This week on StoryWeb: Laird Hunt’s novel Neverhome. Last week’s StoryWeb episode featured Mary Chesnut’s Civil War, a rare, behind-the-scenes look at the inner workings of the Confederacy. This week, I am delighted to share Laird Hunt’s 2014 novel, Neverhome, a very rare look at the Civil War from the point of view of one of the 400 women who disguised themselves as male soldiers. Neverhome comes as a refreshing new take on a subject we all think we know: the Civil War. Hunt, a graduate of the MFA program at the Jack Kerouac School of Disembodied Poetics at Naropa University in Boulder, Colorado, and a faculty member in the University of Denver’s creative writing program, has written several other laudable novels, among them Indiana, Indiana, and Kind One. But with Neverhome, he hit it out of the park. The book was quite favorably reviewed in the Sunday Book Review of the New York Times, being named as an Editor’s Choice. His protagonist/narrator is Gallant Ash, AKA Constance Thompson. Before the Civil War, Constance is living in rural Indiana, married to Bartholomew Thompson. As the novel unfolds through flashbacks, we learn that theirs is a marriage of two gender-ambiguous individuals. Certainly, neither meets the stereotype of what a “real man” or a “true woman” should be according to 19th-century ideals. Bartholomew is gentle and soft, where Constance is the firm leader in their marriage and most definitely the one who would head out to war. As Constance/Ash says, Bartholomew was “made out of wool and I was made out of wire.” As the war gets underway, Constance enlists, taking the name of Ash. In a memorable scene near the beginning of the novel, he/she is dubbed “Gallant Ash” and is known by that moniker for the remainder of his service in the Union Army. When I read Neverhome, the story definitely drew me in. Would Gallant Ash pass as a male soldier? How would he/she handle physical necessities? And how would his/her courage stand the trials of the war? Adding to my interest in the novel was the fact that it is modeled loosely on Homer’s Odyssey. As I became aware of that structural element, I began to look for the ways Hunt would play on that epic of a warrior trying to make his way home. But to me, Gallant Ash’s voice was even more compelling than the story. The dialect Laird Hunt creates is rarely heard and is completely captivating. Anyone who knows my work knows that I absolutely love dialect done well. Whether it’s Huck Finn’s rural Missouri dialect or Granny Younger’s rhythmic speech in Lee Smith’s Oral History, Mrs. Todd’s coastal Maine accent in Sarah Orne Jewett’s The Country of the Pointed Firs or Kate Chopin’s capturing of Cajun dialect in Bayou Folk, I love authors who help us hear the way Americans from all regions speak. Until I read Neverhome, I hadn’t thought of rural folks from Indiana as having a dialect – but Hunt brings Gallant Ash’s manner of speaking to life so well that I found it almost impossible to put the book down. And how Gallant Ash spins a yarn! From the first page of this first-person narrative, I was hooked. Hunt says that “the seed for Neverhome was planted . . . when my wife bought me a copy of An Uncommon Soldier: The Civil War Letters of Sarah Rosetta Wakeman.” You can learn more about “Lyons” Wakeman and the hundreds of women who fought on both sides of the Civil War by visiting the Civil War Trust website. See also the Smithsonian’s interview with Bonnie Tsui, who wrote She Went to the Field: Women Soldiers in the Civil War. You’ll also find DeAnne Blanton’s three-part article for the National Archives interesting and compelling. And if you want more, read the book Blanton wrote with Lauren M. Cook, They Fought Like Demons: Women Soldiers in the Civil War. A reading group guide to Neverhome provides additional insight and questions for consideration. Want to get a taste of Neverhome? There’s a lengthy preview at the publisher’s website. If you’re like me, you’ll want to get a copy of the book so you can hear all of Gallant Ash’s story. Visit thestoryweb.com/hunt for links to all these resources and to watch as Laird Hunt reads a scene in which Gallant Ash encounters another woman disguised as a soldier.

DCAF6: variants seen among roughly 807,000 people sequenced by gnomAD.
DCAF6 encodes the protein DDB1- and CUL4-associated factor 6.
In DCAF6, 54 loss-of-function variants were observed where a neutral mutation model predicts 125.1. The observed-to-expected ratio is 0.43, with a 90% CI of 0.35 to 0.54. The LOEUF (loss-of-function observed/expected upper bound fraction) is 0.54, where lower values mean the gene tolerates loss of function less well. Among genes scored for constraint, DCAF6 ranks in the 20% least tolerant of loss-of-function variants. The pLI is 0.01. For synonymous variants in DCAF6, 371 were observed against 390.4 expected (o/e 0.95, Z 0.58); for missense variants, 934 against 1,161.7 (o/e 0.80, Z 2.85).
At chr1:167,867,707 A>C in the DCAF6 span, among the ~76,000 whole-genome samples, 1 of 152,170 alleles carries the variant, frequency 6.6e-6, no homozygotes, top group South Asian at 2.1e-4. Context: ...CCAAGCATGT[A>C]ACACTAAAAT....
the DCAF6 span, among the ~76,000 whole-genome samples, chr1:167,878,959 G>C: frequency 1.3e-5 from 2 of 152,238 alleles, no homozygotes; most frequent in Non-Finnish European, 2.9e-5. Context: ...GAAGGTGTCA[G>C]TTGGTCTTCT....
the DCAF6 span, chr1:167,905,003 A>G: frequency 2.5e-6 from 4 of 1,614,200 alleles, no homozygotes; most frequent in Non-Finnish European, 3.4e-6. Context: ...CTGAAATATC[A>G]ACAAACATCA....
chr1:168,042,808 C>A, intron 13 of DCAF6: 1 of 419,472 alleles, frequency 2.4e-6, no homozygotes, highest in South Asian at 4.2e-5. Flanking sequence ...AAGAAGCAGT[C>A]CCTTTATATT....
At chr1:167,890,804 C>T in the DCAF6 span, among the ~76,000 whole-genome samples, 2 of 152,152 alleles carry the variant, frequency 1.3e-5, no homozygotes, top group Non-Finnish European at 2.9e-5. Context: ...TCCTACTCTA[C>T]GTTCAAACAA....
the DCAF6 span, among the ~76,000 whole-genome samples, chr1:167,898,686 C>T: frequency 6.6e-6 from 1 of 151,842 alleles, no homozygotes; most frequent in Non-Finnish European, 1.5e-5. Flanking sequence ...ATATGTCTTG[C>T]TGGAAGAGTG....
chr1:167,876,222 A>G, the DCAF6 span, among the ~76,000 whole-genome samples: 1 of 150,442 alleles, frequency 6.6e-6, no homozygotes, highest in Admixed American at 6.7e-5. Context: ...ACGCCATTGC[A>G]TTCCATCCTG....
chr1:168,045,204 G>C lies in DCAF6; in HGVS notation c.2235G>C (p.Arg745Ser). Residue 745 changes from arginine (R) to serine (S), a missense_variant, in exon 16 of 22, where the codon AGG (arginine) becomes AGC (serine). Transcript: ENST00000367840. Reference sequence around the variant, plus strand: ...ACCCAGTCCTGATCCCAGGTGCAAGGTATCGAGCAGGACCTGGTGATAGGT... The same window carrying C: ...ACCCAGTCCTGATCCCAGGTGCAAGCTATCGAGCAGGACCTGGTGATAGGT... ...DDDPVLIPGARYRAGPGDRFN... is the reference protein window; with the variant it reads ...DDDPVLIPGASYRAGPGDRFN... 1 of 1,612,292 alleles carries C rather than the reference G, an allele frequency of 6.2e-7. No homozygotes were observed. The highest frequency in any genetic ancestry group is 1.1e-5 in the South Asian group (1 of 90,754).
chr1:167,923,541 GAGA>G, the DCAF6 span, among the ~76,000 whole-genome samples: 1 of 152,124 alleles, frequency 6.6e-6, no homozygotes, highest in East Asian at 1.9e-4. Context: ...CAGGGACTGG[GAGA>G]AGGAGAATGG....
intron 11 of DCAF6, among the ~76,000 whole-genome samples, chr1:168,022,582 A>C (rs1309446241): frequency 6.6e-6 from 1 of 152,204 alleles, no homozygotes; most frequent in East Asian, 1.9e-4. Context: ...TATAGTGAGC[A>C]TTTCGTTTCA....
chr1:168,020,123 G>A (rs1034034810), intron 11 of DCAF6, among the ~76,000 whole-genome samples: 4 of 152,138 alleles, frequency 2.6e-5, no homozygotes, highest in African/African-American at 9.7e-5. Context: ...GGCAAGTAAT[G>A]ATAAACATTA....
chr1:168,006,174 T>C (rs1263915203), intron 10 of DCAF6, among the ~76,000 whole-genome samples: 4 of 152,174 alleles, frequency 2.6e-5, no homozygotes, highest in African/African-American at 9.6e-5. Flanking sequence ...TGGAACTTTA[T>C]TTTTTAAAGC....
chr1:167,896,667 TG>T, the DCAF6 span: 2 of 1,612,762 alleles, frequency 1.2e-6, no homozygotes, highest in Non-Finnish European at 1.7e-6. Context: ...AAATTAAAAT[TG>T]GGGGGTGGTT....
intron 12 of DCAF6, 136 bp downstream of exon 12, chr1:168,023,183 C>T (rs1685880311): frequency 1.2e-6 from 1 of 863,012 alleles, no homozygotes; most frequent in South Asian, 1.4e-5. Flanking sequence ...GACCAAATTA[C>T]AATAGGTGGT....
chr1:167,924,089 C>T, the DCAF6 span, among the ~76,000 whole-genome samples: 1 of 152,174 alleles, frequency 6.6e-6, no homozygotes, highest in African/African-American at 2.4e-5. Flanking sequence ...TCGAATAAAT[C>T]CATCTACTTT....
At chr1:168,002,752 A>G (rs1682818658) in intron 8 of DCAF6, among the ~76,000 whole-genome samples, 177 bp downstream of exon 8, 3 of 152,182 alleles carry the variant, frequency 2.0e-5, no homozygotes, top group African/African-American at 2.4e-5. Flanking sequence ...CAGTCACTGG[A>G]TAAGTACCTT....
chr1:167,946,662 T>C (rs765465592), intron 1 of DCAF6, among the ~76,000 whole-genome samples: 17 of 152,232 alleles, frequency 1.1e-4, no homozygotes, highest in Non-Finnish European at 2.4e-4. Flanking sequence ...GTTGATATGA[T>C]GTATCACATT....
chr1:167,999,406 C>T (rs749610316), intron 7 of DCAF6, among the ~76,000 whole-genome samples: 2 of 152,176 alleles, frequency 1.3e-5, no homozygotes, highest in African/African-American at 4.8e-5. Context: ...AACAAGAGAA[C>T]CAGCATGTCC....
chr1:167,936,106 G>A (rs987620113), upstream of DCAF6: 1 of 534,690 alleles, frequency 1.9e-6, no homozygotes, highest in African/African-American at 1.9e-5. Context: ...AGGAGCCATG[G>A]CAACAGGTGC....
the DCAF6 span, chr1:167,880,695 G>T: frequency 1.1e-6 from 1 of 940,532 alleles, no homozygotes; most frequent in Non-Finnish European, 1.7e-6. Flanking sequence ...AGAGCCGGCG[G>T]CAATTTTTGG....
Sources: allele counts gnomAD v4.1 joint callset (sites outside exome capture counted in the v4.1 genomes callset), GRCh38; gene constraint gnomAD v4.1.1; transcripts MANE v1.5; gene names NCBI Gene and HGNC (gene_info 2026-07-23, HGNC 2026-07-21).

StoryWeb: Storytime for Grownups